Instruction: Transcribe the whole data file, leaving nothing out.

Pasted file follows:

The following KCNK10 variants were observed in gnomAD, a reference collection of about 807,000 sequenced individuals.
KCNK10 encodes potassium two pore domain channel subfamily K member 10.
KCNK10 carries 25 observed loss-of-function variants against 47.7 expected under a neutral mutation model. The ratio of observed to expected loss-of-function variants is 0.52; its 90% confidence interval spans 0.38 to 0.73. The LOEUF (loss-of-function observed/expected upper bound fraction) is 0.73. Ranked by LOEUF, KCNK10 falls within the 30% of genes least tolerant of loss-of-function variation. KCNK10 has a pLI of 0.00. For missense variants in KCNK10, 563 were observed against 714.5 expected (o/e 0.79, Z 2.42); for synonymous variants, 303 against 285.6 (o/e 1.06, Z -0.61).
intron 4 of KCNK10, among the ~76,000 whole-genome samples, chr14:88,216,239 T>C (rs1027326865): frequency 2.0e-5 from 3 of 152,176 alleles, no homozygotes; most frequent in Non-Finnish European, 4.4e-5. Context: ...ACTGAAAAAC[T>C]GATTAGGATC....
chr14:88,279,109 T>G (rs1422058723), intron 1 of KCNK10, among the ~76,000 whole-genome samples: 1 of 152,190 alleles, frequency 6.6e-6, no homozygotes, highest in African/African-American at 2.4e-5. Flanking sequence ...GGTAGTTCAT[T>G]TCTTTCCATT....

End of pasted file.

The following KCNK10 variants were observed in gnomAD, a reference collection of about 807,000 sequenced individuals.
KCNK10 encodes potassium two pore domain channel subfamily K member 10.
KCNK10 carries 25 observed loss-of-function variants against 47.7 expected under a neutral mutation model. The ratio of observed to expected loss-of-function variants is 0.52; its 90% confidence interval spans 0.38 to 0.73. The LOEUF (loss-of-function observed/expected upper bound fraction) is 0.73. Ranked by LOEUF, KCNK10 falls within the 30% of genes least tolerant of loss-of-function variation. KCNK10 has a pLI of 0.00. For missense variants in KCNK10, 563 were observed against 714.5 expected (o/e 0.79, Z 2.42); for synonymous variants, 303 against 285.6 (o/e 1.06, Z -0.61).
intron 4 of KCNK10, among the ~76,000 whole-genome samples, chr14:88,216,239 T>C (rs1027326865): frequency 2.0e-5 from 3 of 152,176 alleles, no homozygotes; most frequent in Non-Finnish European, 4.4e-5. Context: ...ACTGAAAAAC[T>C]GATTAGGATC....
chr14:88,279,109 T>G (rs1422058723), intron 1 of KCNK10, among the ~76,000 whole-genome samples: 1 of 152,190 alleles, frequency 6.6e-6, no homozygotes, highest in African/African-American at 2.4e-5. Flanking sequence ...GGTAGTTCAT[T>G]TCTTTCCATT....